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  10. Excellent insights, Don. With my mother’s dementia, at first it seems that she is totally unaware of people in the present, but then I realize that her mind has picked and chosen the loveliest, gentle and happy moments to recall and relive from her childhood on the farm with her brothers and sisters. This is a comforting possibility for me to consider under the circumstances. Thank you.

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    • Don says:

      I’m so glad you’ve found it comforting Marylin. I so admire your journey with your mother and the beautiful way in which you express it in your blog. You’re an extremely inspiring person.

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  11. Forest So Green says:

    I enjoyed reading your post and discovering your blog, Annie

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  12. ladyfi says:

    You’ve really hit the nail on the head! As we get older, a lot of life is about unlearning.

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  13. safia says:

    Being around young children is a great way to ‘unlearn’ – loved the water metaphor. I dedicated a poem to your and Lorem Ipsum: http://topofthetent.wordpress.com/love-poem-of-the-week/
    Hope you like it if you don’t already know it.

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    • Don says:

      There’s no doubt that children do that to you. I think they bring us back to a simplicity and a naturalness which so easily gets lost. Safia I deeply appreciate the poem. I read it. It was extremely touching – thank you and thank you for your interest in the blog.

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  14. Terry says:

    I loved this post Don. I often think of light in this way and wonder if “enlightenment” is derived from that. Light behaving very differently to water, it cannot be defined. When observed it behaves as the observer wishes, at times like particles and at other times like waves. Which for me is so much more pertinent, almost teasing us to be present in each and every moment and really observe life.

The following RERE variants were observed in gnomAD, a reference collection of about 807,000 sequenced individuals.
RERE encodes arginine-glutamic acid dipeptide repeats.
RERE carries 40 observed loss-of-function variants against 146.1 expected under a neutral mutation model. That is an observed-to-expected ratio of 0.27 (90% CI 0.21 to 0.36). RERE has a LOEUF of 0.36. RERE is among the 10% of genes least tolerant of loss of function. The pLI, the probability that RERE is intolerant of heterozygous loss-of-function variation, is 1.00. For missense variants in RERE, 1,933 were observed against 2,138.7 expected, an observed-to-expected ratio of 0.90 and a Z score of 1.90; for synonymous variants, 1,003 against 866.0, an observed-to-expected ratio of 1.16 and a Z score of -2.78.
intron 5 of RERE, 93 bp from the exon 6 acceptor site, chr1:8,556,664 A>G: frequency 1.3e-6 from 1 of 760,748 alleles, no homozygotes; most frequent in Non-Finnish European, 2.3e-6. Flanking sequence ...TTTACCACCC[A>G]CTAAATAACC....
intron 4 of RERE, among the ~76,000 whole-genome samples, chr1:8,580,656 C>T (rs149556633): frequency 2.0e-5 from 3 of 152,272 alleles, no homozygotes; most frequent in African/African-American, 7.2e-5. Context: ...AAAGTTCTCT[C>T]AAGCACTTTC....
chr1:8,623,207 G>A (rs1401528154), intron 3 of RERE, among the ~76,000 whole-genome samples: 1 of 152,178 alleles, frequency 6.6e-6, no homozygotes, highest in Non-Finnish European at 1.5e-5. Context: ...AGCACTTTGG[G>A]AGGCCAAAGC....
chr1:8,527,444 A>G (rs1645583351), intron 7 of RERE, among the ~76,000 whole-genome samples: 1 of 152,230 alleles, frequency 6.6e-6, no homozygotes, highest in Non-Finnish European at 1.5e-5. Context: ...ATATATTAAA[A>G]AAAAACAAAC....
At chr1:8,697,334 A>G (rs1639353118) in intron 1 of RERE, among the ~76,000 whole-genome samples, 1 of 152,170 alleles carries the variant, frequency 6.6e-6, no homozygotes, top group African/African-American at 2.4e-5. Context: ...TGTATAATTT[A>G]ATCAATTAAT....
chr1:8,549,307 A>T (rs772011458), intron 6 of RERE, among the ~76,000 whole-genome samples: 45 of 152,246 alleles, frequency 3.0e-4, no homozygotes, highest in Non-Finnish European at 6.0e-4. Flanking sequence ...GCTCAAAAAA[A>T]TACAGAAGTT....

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    • Don says:

      Particles and waves. Now that’s wonderful stuff Terry. I love your concept of “teasing us to be present.” What a beautiful description. Also so enjoyed your description of light – so true. Thank you. Always good to hear from you.

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  15. I really like the questions you raise about unlearning. For me, it’s time to start unlearning low self-esteem and self-doubt. I’m realising more and more that they ARE learnt behaviours, which means I can learn new ones which are more healthy and contain wholeness. May the light of consciousness flow into that space and open up my reality! Thanks for your post. Nic

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    • Don says:

      Certainly is something wonderful to start unlearning Nic. Thank you for being so open. May the manacles of self doubt and low esteem fall from you and may you begin to celebrate confidence and true identity. Thank you for your comment. Great to hear from you.

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  16. Shweta says:

    Great post. Really liked the way you described ‘awareness, or becoming more conscious’ by giving water’s example. Great capture. I also liked the story that Nancy shared.Thanks to her too !

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  17. iamforchange says:

    I can appreciate and embrace the thoughts expressed….. Thank you for sharing them!

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  18. Don says:

    My pleasure. Thank you for your comment.